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United States Government The Internet

Why 6 Republican Senators Think You Don't Need Faster Broadband (cio.com) 522

itwbennett writes: Broadband in the United States still lags behind similar service in other industrialized countries, so Congress made broadband expansion a national priority, and it offers subsidies, mostly in rural areas, to help providers expand their offerings,' writes Bill Snyder. And that's where an effort by the big ISPs and a group of senators to change the definition of broadband comes in. Of course, the ISPs want the threshold to be as low as possible so it's easier for them to qualify for government subsidies. In a letter to FCC Chairman Tom Wheeler, dated January 21, 2016, the senators called the current broadband benchmark of 25 Mbps downstream and 3 Mbps upstream 'arbitrary' and said that users don't need that kind of speed anyway. '[W]e are aware of few applications that require download speeds of 25 Mbps.' the senators wrote, missing the simple fact that many users have multiple connected devices.
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Why 6 Republican Senators Think You Don't Need Faster Broadband

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  • Think? (Score:5, Insightful)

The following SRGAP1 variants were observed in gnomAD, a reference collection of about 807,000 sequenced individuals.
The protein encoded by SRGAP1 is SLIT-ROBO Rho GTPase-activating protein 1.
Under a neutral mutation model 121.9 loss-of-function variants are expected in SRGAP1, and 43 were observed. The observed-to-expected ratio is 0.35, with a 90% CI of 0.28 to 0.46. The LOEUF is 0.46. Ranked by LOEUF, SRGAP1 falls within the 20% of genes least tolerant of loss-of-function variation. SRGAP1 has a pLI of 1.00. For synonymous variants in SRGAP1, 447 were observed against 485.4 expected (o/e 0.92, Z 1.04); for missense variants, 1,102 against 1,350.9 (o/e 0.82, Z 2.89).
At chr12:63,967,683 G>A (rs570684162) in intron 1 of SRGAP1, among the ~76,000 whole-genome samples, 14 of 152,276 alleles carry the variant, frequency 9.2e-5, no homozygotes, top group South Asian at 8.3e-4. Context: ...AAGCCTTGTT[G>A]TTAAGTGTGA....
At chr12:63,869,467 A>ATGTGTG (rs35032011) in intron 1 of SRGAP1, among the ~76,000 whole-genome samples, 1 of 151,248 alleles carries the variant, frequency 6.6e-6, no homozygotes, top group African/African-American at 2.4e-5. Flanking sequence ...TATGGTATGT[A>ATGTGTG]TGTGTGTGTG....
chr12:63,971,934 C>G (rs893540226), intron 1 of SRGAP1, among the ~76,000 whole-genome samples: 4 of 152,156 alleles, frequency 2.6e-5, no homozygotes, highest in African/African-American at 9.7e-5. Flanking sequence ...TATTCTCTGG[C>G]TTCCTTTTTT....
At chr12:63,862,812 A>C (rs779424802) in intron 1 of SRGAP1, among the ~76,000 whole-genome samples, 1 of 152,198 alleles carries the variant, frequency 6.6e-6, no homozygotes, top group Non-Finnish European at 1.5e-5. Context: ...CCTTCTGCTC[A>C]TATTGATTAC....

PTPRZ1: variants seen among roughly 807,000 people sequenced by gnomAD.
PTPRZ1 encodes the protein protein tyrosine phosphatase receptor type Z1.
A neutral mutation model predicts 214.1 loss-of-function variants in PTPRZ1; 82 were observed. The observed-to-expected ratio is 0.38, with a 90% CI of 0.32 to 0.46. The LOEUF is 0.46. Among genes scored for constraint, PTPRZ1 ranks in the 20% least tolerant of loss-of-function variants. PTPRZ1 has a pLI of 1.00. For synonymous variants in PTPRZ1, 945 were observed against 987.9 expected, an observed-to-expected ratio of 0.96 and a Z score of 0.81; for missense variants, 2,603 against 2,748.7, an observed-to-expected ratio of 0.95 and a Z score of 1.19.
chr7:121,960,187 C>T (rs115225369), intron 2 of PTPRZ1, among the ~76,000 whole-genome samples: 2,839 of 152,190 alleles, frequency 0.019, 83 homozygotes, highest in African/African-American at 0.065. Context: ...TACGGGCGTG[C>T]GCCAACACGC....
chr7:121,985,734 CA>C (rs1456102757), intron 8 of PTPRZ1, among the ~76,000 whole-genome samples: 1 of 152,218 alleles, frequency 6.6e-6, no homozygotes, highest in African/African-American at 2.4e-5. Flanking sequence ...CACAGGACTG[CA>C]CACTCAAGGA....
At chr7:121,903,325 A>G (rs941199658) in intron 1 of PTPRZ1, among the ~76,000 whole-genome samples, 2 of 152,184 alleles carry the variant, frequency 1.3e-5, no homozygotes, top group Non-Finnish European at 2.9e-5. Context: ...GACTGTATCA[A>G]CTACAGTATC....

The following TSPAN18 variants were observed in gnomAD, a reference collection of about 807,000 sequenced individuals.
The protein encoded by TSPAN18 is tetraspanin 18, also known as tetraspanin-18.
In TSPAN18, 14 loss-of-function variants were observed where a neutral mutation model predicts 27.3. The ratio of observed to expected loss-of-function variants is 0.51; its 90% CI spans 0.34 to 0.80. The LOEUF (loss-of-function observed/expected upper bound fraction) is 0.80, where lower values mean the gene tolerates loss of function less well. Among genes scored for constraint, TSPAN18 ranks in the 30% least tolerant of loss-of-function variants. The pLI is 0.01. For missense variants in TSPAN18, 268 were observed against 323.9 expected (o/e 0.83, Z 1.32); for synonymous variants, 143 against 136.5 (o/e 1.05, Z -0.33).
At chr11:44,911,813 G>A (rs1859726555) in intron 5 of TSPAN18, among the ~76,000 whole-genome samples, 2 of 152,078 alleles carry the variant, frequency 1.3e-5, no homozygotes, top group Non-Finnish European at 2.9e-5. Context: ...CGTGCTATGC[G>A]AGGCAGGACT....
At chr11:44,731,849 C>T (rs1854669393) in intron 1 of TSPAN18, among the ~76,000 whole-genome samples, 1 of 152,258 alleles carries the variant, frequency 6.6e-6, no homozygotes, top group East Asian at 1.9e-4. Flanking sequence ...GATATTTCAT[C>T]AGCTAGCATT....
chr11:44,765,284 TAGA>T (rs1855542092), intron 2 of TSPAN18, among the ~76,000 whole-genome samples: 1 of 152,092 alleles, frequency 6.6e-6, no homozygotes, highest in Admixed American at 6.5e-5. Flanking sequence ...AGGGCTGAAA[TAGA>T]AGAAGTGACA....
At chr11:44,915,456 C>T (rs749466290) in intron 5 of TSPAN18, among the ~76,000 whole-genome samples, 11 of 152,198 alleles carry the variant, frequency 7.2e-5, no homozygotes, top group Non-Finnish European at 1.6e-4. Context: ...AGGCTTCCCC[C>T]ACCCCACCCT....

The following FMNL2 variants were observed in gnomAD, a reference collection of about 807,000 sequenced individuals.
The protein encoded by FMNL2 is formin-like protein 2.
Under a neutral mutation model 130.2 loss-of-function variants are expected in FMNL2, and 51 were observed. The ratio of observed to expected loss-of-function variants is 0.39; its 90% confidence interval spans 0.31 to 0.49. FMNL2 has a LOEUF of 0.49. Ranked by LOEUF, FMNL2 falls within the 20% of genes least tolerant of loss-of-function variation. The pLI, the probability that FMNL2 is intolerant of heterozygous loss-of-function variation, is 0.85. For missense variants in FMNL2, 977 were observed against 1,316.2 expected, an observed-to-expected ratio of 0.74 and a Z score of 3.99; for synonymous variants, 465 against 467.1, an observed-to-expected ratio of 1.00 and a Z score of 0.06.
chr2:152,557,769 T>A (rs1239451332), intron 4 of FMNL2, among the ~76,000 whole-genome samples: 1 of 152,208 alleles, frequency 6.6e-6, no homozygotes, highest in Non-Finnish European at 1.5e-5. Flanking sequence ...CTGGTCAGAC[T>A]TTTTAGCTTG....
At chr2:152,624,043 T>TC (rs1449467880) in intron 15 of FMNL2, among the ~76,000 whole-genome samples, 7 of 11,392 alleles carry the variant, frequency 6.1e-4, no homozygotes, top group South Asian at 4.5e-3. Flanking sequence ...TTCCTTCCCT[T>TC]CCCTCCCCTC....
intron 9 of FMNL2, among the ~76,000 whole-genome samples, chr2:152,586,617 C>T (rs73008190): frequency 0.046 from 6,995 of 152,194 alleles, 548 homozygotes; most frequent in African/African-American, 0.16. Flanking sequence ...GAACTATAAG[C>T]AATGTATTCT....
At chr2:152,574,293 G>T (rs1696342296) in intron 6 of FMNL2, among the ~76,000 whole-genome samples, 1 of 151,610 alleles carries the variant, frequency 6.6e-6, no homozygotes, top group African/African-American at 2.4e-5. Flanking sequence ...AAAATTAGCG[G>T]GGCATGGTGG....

by Krishnoid ( 984597 ) on Monday January 25, 2016 @11:11PM (#51371109) Journal

    Isn't it closer to "Why 6 Republican Senators Are Repeating Cable ISP Lobbyists' Talking Points on Why You Don't Need Faster Broadband"?

    • Re:Think? (Score:5, Informative)

      by Applehu Akbar ( 2968043 ) on Monday January 25, 2016 @11:43PM (#51371269)

      Be warned that Marco Rubio also supports lowering the broadband standard, and is against net neutrality.

      Anything less than 25/5 (and no scumsucking usage cap!) is like having to crawl across a swaying rope bridge on an Interstate Highway.

      • Re: (Score:2, Funny)

        by Anonymous Coward

        Some of us do just fine on 3/768k you entitled, millenial douche.

        • Re:Think? (Score:5, Funny)

          by MobileTatsu-NJG ( 946591 ) on Tuesday January 26, 2016 @12:38AM (#51371525)

          Some of us do just fine on 3/768k you entitled, millenial douche.

          Heh. I've never seen narrow-band elitism before.

          • by duckintheface ( 710137 ) on Tuesday January 26, 2016 @08:18AM (#51372627)

            Of course this is a moving scale over time. Right now, for most people, it's about 5Mbps down per person in the household. Netflix takes 3 Mbps. VOIP phone takes 0.16 Mbps. File downloads are usually limited by the server on the other end. I guess that servers will get faster if most folks have faster download speeds. Simple webpage downloads are limited by latency and broadband has little effect. I would really like to hear the case for speeds over 5Mbps/person.

            But that's a different issue from what the official "broadband" definition should be. Government subsidies should only go to companies that are pushing the boundaries. Time Warner should not get money for building more of the same slow service.

      • Re:Think? (Score:5, Interesting)

        by Wycliffe ( 116160 ) on Tuesday January 26, 2016 @12:51AM (#51371597) Homepage

        Be warned that Marco Rubio also supports lowering the broadband standard, and is against net neutrality.

        Anything less than 25/5 (and no scumsucking usage cap!) is like having to crawl across a swaying rope bridge on an Interstate Highway.